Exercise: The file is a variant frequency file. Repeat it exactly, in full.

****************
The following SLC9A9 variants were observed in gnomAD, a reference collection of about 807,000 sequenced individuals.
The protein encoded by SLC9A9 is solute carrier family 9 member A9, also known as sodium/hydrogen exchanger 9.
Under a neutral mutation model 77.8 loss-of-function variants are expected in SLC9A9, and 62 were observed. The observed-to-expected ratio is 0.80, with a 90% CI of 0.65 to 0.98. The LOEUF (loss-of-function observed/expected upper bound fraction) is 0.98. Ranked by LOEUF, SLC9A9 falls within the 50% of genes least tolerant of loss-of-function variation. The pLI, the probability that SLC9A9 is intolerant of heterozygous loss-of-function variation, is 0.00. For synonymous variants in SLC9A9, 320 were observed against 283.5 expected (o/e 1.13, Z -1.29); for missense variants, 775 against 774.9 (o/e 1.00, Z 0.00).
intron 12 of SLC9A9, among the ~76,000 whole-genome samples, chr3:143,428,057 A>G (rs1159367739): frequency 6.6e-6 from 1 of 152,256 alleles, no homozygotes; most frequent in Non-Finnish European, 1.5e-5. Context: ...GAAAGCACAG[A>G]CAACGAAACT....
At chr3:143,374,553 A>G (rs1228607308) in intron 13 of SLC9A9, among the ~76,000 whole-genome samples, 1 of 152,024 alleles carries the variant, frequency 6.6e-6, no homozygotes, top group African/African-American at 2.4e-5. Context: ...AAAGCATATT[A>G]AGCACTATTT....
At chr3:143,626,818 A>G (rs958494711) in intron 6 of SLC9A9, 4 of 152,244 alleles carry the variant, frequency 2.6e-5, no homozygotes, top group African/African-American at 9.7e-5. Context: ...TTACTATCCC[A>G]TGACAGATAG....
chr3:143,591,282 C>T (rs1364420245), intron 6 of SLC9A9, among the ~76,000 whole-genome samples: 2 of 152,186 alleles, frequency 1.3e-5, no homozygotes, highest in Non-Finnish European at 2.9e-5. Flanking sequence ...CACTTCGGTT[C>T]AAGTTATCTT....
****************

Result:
The following SLC9A9 variants were observed in gnomAD, a reference collection of about 807,000 sequenced individuals.
The protein encoded by SLC9A9 is solute carrier family 9 member A9, also known as sodium/hydrogen exchanger 9.
Under a neutral mutation model 77.8 loss-of-function variants are expected in SLC9A9, and 62 were observed. The observed-to-expected ratio is 0.80, with a 90% CI of 0.65 to 0.98. The LOEUF (loss-of-function observed/expected upper bound fraction) is 0.98. Ranked by LOEUF, SLC9A9 falls within the 50% of genes least tolerant of loss-of-function variation. The pLI, the probability that SLC9A9 is intolerant of heterozygous loss-of-function variation, is 0.00. For synonymous variants in SLC9A9, 320 were observed against 283.5 expected (o/e 1.13, Z -1.29); for missense variants, 775 against 774.9 (o/e 1.00, Z 0.00).
intron 12 of SLC9A9, among the ~76,000 whole-genome samples, chr3:143,428,057 A>G (rs1159367739): frequency 6.6e-6 from 1 of 152,256 alleles, no homozygotes; most frequent in Non-Finnish European, 1.5e-5. Context: ...GAAAGCACAG[A>G]CAACGAAACT....
At chr3:143,374,553 A>G (rs1228607308) in intron 13 of SLC9A9, among the ~76,000 whole-genome samples, 1 of 152,024 alleles carries the variant, frequency 6.6e-6, no homozygotes, top group African/African-American at 2.4e-5. Context: ...AAAGCATATT[A>G]AGCACTATTT....
At chr3:143,626,818 A>G (rs958494711) in intron 6 of SLC9A9, 4 of 152,244 alleles carry the variant, frequency 2.6e-5, no homozygotes, top group African/African-American at 9.7e-5. Context: ...TTACTATCCC[A>G]TGACAGATAG....
chr3:143,591,282 C>T (rs1364420245), intron 6 of SLC9A9, among the ~76,000 whole-genome samples: 2 of 152,186 alleles, frequency 1.3e-5, no homozygotes, highest in Non-Finnish European at 2.9e-5. Flanking sequence ...CACTTCGGTT[C>T]AAGTTATCTT....